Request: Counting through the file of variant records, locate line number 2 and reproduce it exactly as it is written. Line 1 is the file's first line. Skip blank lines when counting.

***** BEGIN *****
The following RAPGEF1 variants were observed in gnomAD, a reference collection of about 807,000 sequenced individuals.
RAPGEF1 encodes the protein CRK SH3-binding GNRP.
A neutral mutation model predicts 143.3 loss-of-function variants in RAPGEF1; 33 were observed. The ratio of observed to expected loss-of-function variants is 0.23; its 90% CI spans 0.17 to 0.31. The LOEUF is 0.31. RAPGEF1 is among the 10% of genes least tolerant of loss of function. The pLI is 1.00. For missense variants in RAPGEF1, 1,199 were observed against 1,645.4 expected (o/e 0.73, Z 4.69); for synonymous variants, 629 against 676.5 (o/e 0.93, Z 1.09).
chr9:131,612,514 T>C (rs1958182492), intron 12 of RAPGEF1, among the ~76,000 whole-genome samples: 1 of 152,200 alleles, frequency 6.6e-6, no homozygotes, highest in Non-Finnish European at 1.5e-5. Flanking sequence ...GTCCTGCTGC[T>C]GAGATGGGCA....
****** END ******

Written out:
RAPGEF1 encodes the protein CRK SH3-binding GNRP.